Asked on Sunday by the media about his sometimes emotional (“don’t you knock heads?”) relationship with Watson, Scott put it in the proper perspective: “If you have a brother, you’re going to knock heads with him…The more time you spend with anybody ‑‑ we’re all human beings, we’re all individuals, of course you’re going to knock heads. Is there anybody that you know that you spend a lot of time with that you don’t knock heads with? Of course not.”
Scott also shared some revealing insights about his boss, relating how Watson changed his mindset this year after a disappointing 2013. “But this year his attitude’s been great,” said Scott. “It’s been a lot of fun to work for him this year.” The caddie also cited the positive influence of Judah Smith on Watson. A pastor out of Seattle, Smith was described by Scott as Bubba’s “best friend on the PGA TOUR, his best friend in the world, pretty much.” Scott said Smith sat down with Watson before the season and they discussed a particular Bible passage. “It’s Philippians 4:11, I believe,” said Scott. “And it talks about rejoicing in your circumstances.” Smith reminded Watson about how as a kid he dreamed about playing in the Masters. According to Scott, the pastor went on to say, “You’ve won the Masters, you’ve won PGA TOUR events…So why don’t you just go ahead and rejoice?”
And rejoice Watson did after his final round, three-under par 69. In addition to improved and more patient course management, there were several key factors to Watson’s victory last week. Stat mavens will point out his tournament-leading long driving average of 306 yards. Big hitters regularly have an edge at Augusta especially on the par-fives where Watson carded six birdies and one eagle. Watson was also T-5 in the all-important Greens in Regulation stat for the week. The greens are diabolical enough without having to get up and down to save par. But Masters champions are best defined by clutch putting on the final day and Watson was magnificent, registering 11 one-putt greens. On that note, don’t forget those par-saving putts that Watson holed on Saturday at 17 and 18 when his round and scorecard were teetering. Those “makes” allowed him to be in the final pairing for Sunday. For the week, Watson also never had a higher score than a bogey, thus avoiding ruinous and confidence-sapping doubles and the dreaded “other.”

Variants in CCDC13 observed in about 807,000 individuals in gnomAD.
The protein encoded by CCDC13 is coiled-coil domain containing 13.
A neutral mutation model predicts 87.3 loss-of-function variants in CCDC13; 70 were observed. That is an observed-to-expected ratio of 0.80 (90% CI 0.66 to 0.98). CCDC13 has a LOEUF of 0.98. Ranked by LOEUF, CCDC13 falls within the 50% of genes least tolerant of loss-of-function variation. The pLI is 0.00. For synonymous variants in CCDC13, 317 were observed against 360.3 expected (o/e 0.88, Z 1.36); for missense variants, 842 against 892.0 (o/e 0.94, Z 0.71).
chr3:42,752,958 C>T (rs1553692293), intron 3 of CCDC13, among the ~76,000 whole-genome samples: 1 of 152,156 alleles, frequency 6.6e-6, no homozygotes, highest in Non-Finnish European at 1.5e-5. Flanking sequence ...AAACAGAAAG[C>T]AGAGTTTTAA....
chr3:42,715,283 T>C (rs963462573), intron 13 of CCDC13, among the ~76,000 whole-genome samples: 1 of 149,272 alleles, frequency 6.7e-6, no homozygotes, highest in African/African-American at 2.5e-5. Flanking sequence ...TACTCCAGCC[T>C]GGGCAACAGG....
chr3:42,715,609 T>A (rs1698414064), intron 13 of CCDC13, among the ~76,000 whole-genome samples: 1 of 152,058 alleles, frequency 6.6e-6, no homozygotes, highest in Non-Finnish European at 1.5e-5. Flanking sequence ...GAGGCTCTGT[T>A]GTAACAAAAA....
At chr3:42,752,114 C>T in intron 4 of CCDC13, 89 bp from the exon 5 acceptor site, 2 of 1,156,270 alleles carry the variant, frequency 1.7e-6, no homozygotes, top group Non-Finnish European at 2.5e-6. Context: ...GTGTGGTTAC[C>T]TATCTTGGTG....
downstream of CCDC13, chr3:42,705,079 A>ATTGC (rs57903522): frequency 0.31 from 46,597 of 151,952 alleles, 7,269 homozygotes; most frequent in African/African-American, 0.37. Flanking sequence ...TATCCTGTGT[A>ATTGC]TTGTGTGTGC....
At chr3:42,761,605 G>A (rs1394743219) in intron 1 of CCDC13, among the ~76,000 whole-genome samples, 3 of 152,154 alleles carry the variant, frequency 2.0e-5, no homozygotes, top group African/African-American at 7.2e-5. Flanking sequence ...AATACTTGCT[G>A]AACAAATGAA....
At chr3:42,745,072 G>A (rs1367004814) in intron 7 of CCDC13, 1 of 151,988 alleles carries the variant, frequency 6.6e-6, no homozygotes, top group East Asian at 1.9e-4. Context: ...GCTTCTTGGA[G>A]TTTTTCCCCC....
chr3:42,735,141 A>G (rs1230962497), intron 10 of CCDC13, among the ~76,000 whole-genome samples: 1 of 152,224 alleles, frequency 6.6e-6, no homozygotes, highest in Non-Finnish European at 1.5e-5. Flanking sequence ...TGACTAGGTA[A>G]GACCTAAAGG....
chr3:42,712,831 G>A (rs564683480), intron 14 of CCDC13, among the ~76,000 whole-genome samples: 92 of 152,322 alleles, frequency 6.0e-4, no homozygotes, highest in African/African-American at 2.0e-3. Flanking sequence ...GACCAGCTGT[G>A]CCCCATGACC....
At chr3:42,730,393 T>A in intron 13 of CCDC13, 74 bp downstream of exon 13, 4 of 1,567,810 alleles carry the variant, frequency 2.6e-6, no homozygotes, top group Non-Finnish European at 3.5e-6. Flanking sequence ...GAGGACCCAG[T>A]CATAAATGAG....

And finally there’s the simple matter of getting a timely and pivotal break on Sunday. Watson’s drive on 13 caromed off of the trees and landed in the fairway, only a wedge distance (for him) from the green. “His drive on 13, I’ll never forget,” said playing partner Jordan Spieth. “I thought it was out of bounds, 70 yards left, and it was perfect. He knew that, too.” Watson ended up making birdie there while Spieth parred, resulting in a three shot lead he never relinquished.
In his press conference on Sunday night, a green jacket adorned Bubba Watson said, “I play golf because I love it. I love the game, I want to grow the game. The game has brought me everything I’ve ever owned in my life. My parents taught me values through the game of golf.”
Yep, he’s the ideal banquet speaker for next year’s Drive, Chip & Putt.
Image courtesy of PING